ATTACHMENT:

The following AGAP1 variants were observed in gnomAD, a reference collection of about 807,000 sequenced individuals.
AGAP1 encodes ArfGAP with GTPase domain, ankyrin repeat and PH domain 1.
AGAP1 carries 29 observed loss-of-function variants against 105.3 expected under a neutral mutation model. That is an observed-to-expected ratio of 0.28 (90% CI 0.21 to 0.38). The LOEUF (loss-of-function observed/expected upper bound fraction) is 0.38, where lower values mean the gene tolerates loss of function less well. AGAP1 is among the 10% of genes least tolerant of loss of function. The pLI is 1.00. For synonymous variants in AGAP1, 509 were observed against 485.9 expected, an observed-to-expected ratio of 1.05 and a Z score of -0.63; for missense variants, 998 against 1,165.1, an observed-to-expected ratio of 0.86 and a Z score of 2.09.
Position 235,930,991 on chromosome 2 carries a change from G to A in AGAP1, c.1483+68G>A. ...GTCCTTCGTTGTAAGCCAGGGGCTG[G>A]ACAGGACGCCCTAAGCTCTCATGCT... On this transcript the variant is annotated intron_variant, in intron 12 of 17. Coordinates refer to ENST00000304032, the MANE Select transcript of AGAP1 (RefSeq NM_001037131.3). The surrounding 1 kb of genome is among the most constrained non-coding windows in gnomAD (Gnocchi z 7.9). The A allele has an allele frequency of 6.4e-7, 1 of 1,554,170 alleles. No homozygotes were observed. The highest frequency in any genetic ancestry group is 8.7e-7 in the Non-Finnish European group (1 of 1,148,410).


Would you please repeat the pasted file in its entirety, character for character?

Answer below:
The following AGAP1 variants were observed in gnomAD, a reference collection of about 807,000 sequenced individuals.
AGAP1 encodes ArfGAP with GTPase domain, ankyrin repeat and PH domain 1.
AGAP1 carries 29 observed loss-of-function variants against 105.3 expected under a neutral mutation model. That is an observed-to-expected ratio of 0.28 (90% CI 0.21 to 0.38). The LOEUF (loss-of-function observed/expected upper bound fraction) is 0.38, where lower values mean the gene tolerates loss of function less well. AGAP1 is among the 10% of genes least tolerant of loss of function. The pLI is 1.00. For synonymous variants in AGAP1, 509 were observed against 485.9 expected, an observed-to-expected ratio of 1.05 and a Z score of -0.63; for missense variants, 998 against 1,165.1, an observed-to-expected ratio of 0.86 and a Z score of 2.09.
Position 235,930,991 on chromosome 2 carries a change from G to A in AGAP1, c.1483+68G>A. ...GTCCTTCGTTGTAAGCCAGGGGCTG[G>A]ACAGGACGCCCTAAGCTCTCATGCT... On this transcript the variant is annotated intron_variant, in intron 12 of 17. Coordinates refer to ENST00000304032, the MANE Select transcript of AGAP1 (RefSeq NM_001037131.3). The surrounding 1 kb of genome is among the most constrained non-coding windows in gnomAD (Gnocchi z 7.9). The A allele has an allele frequency of 6.4e-7, 1 of 1,554,170 alleles. No homozygotes were observed. The highest frequency in any genetic ancestry group is 8.7e-7 in the Non-Finnish European group (1 of 1,148,410).